The Quaid’s vision and reality?

2018-07-06T02:24:35+05:00

 

Stanley Wolpert paid tributes to the Quaid in following words, ‘Few individual significantly alter the course of history. Few still modify the map of the world. Hardly anyone could be credited with creating a nation State. Muhammad All Jinnah did all three’.

True, the Pakistan resolution was not over-night exploit of a single figure. It was culmination of the series of event; and movements that converged into the idea of Pakistan: Muhammad bin Qasim established the first Muslim state in the Sub-Continent in 712-715 AD. Shahab-ud-Din Ghouri wrote to Prithvi Raj in 1192 AD that the latter should cede the MusIim-majority areas of the Punjab, NWFP and Sindh to him or be prepared for a war at Tarain battlefield (page 101, tareekh-e-farishta). After Qasim, Qutub-ud-Din Aibak and the Moghul established their rule in India. There were 76 Muslim rulers who ruled over India for about 690 years. Since early 1870s, there were several movements, which asserted ‘Muslim nationhood’. They covered a broad spectrum of Muslim religious, educational, cultural and political life Aligarh Movement (1870s), the Mohammedan Educational Conference, the Urdu Defence Association (1900), the demand for separate electorates, the foundation of the Muslim League, the Muslim university movement (1910), the pan-Islamic movements beginning with Italy’s raid on Tripoli (1911) and ending with the Khilafat movement (1918-24), and the Kanpur Mosque agitation (1913). From Sir Syed Ahmed Khan to the Quaid-i-Azam, all the Muslim leaders kept striving for Hindu-Muslim amity. The Quaid began his political career by attending Congress meeting, for the first time on July 28, 1904, Thereafter he struggled for about three decades for the rights of Muslim whom he regarded as a ‘minority’, rather than a nation.

On October 27, 1945, the Quaid said at Ahmedabad, ‘Pakistan is the question of life and death for us. I shall live and die for Pakistan.’ ‘The moon of Pakistan is shining and we shall reach it’ (Dawn, October 28, 1945). ‘We must get Pakistan at any cost. For it we live and for it we will die. (November 24, 1945, Mardan). ‘Without Pakistan, there is only death for Muslims.’ (February 24, 1946, Calcutta).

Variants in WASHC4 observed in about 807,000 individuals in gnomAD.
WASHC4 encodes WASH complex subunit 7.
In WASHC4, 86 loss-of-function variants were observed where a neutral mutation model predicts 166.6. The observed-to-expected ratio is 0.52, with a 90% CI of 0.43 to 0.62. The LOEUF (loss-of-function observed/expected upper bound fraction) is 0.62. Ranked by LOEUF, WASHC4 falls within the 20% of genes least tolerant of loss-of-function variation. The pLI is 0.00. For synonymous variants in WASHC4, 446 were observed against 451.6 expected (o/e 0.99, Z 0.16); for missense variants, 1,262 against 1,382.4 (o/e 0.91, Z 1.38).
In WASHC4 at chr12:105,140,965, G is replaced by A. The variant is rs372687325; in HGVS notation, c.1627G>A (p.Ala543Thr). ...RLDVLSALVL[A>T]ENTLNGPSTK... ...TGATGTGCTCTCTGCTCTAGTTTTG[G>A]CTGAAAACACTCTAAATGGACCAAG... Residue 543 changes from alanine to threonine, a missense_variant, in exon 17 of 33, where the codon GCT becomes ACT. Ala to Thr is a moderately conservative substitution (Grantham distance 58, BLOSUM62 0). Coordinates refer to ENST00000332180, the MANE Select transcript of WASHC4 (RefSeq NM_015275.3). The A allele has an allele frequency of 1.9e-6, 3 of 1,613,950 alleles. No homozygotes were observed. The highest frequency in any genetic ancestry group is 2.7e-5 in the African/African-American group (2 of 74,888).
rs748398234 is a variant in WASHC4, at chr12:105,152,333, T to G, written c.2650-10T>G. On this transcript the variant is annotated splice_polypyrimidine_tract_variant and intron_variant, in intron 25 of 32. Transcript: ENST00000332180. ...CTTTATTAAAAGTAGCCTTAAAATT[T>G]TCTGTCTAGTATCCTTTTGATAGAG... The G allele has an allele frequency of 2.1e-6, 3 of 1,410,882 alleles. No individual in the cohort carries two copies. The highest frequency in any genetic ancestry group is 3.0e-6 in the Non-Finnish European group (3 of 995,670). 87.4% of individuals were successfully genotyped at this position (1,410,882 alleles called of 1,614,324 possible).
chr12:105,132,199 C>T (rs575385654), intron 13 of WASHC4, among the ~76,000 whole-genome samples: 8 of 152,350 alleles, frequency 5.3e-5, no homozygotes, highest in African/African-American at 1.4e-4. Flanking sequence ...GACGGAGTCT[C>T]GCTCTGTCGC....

Did the Quaid have any concept of Pakistan? What was his vision? The architect of Pakistan had a dream; he visualized a welfare state. He had conceived Pakistan based on foundations of social justice and Islamic socialism which stress equality and brotherhood of man. Like Allama Iqbal, he was concerned with the problem of poverty and backwardness among Muslims for the eradication of which they looked, on the one hand, to the urges of dynamism, struggle and creativity in Islam and, on the other, to the Islamic principle of distributive justice.

Mr. Jinnah’s speech at the 30th session of the Muslim League during the freedom struggle reflected his vision. “It will be a people’s government. I should like to give a warning to the landlords and capitalists who have flourished at our expense by a system which is so vicious, which is so wicked and which makes them so selfish that it is difficult to reason with them. The exploitation of the masses has gone into their blood. They’ve forgotten the lesson of Islam. Greed and selfishness have made these people subordinate to the interests of others in order to fatten themselves ‘If they’re wise they’ll have to adjust themselves to the new modern conditions of life. If they don’t, God help them; we shall not help them.’

The Quaid’s vision has been translated into reality?

SAMAN JAAVED MALIK,

Rawalpindi, June 18.

View More News